The second case recounts the tragic horse-racing story of Ronald Turcotte. In Turcotte v. Fell, 68 N.Y.2d 432 (1986), jockey Fell's "foul riding" resulted in jockey Turcotte clipping the horse in front of them, causing his horse to trip, fall, and throw him into the ground, ultimately rendering him paraplegic. Turcotte argued that Fell's "foul riding" was sufficient to defeat the assumption of risk defense. However, the New York State Court of Appeals reasoned that "foul riding" was a part of the race of which Turcotte, an experienced rider, was well aware. The court remarked that "[i]f a participant makes an informed estimate of the risks involved in the activity and willingly undertakes them, then there can be no liability if he is injured as a result of those risks." Turcotte, 68 N.Y.2d at 437. This includes "injury-causing events which are known, apparent or reasonably foreseeable consequences of the participation." Id. at 439.

Both Murphy and Turcotte expansively shield defendants in typical baseball-related injury cases. The doctrine is broad and covers dangers that are "commonly-appreciated" and "obvious and necessary" for participation in baseball, but also to those injuries which are "reasonably foreseeable." Each of the four opening cases presented cover a wide variety of baseball injuries which all fit cleanly within the assumption of risk doctrine. Yet how do courts handle questions about the varieties of baseball injuries that fall outside of this doctrine?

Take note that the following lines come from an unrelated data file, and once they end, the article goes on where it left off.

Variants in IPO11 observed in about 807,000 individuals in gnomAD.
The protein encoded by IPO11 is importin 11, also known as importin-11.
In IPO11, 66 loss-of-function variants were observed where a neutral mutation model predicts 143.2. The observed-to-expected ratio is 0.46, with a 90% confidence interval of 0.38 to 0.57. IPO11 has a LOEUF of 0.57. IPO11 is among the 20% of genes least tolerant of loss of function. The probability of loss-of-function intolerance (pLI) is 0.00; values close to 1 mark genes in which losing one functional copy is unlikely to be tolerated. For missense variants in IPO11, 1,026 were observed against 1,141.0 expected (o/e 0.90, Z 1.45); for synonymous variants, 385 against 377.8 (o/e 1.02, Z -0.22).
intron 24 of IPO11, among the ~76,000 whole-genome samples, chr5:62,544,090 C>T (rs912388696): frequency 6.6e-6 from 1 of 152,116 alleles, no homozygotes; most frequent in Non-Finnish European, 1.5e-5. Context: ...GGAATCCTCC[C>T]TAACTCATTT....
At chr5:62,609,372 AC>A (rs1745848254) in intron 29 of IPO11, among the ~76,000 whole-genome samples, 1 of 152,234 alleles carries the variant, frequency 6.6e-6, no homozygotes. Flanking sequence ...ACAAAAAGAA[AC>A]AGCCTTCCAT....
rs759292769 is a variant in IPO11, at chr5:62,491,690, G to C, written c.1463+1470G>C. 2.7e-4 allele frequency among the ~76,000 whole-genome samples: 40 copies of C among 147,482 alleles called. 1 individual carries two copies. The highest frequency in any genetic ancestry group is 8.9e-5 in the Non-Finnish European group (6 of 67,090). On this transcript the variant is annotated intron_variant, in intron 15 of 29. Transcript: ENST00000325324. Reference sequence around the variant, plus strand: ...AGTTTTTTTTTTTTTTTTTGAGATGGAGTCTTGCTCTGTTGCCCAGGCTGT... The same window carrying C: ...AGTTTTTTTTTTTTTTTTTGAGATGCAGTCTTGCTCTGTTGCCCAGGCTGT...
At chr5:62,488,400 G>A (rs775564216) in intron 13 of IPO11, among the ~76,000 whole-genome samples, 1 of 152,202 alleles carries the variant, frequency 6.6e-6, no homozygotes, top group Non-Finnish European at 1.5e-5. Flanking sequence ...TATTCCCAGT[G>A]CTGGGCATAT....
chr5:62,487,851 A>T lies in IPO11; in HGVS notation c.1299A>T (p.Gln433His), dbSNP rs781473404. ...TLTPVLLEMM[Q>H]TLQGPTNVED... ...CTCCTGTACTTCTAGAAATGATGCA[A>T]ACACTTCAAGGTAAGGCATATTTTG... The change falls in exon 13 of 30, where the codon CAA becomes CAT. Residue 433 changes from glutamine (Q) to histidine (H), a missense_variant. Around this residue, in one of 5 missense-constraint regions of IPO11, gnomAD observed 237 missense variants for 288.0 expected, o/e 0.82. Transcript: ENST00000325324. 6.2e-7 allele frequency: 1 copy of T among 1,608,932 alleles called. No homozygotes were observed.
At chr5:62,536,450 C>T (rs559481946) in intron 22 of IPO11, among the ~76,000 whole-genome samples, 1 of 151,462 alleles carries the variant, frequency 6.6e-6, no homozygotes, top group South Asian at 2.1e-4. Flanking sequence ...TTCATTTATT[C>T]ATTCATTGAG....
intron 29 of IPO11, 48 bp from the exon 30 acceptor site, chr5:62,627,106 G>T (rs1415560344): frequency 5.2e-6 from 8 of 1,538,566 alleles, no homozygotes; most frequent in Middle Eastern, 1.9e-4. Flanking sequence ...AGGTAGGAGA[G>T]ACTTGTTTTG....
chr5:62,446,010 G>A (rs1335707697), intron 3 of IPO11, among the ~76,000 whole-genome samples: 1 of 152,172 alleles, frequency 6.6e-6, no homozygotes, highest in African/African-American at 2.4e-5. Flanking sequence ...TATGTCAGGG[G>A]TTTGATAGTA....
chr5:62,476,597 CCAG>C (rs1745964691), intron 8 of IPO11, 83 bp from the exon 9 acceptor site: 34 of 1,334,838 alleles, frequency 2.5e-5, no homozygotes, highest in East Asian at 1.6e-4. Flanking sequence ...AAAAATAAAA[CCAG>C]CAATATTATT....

To begin with, there are baseball injuries that are not obvious and necessary or reasonably foreseeable. Distinguished from Maddox, where the major league baseball player knew the field was wet and muddy, in Gallagher v. County of Nassau, 74 A.D.3d 877 (2d Dept. 2010), a town softball player attempted to make a diving catch when his hand struck a small cement object permanently installed in fair territory in the outfield. The cement object was "difficult to see more than a few feet away," and the player had not encountered it before. Id. Here, the court recognized that players "do not consent to the risks which are concealed, unassumed, or unreasonably increased." Id. (internal citations omitted). This is consistent with Judge Cardozo's remarks in Murphy, that a participant would not assume the risk of "obscure or unobserved" dangers. Therefore, the defendants' summary judgment dismissing the complaint was denied.

Also apparent is the notion of experience. The Turcotte court expressly distinguished that "a professional athlete is more aware of the dangers of the activity, and presumable more willing to accept them in exchange for a salary, than is an amateur." 68 N.Y.2d at 440. This distinction is apparent in Maddox (professional athlete) and Gallagher (a local amateur softball league player). But this distinction is not always so clear.